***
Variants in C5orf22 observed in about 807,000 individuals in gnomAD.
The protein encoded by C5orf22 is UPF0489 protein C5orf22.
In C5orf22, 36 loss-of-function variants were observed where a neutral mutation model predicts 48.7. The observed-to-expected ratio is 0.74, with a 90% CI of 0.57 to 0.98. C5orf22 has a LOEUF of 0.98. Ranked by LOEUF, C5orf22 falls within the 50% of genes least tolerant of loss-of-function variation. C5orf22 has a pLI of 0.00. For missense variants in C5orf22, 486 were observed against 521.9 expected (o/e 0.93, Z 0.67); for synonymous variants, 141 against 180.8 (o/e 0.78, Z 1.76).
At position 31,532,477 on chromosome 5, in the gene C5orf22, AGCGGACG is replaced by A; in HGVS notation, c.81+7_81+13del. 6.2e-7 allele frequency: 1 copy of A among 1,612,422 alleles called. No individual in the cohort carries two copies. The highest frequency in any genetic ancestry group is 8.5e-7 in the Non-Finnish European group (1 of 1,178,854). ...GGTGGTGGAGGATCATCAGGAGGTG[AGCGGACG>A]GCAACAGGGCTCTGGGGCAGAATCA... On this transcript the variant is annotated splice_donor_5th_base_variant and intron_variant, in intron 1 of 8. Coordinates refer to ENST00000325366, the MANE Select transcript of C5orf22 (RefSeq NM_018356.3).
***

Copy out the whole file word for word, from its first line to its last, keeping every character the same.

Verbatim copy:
Variants in C5orf22 observed in about 807,000 individuals in gnomAD.
The protein encoded by C5orf22 is UPF0489 protein C5orf22.
In C5orf22, 36 loss-of-function variants were observed where a neutral mutation model predicts 48.7. The observed-to-expected ratio is 0.74, with a 90% CI of 0.57 to 0.98. C5orf22 has a LOEUF of 0.98. Ranked by LOEUF, C5orf22 falls within the 50% of genes least tolerant of loss-of-function variation. C5orf22 has a pLI of 0.00. For missense variants in C5orf22, 486 were observed against 521.9 expected (o/e 0.93, Z 0.67); for synonymous variants, 141 against 180.8 (o/e 0.78, Z 1.76).
At position 31,532,477 on chromosome 5, in the gene C5orf22, AGCGGACG is replaced by A; in HGVS notation, c.81+7_81+13del. 6.2e-7 allele frequency: 1 copy of A among 1,612,422 alleles called. No individual in the cohort carries two copies. The highest frequency in any genetic ancestry group is 8.5e-7 in the Non-Finnish European group (1 of 1,178,854). ...GGTGGTGGAGGATCATCAGGAGGTG[AGCGGACG>A]GCAACAGGGCTCTGGGGCAGAATCA... On this transcript the variant is annotated splice_donor_5th_base_variant and intron_variant, in intron 1 of 8. Coordinates refer to ENST00000325366, the MANE Select transcript of C5orf22 (RefSeq NM_018356.3).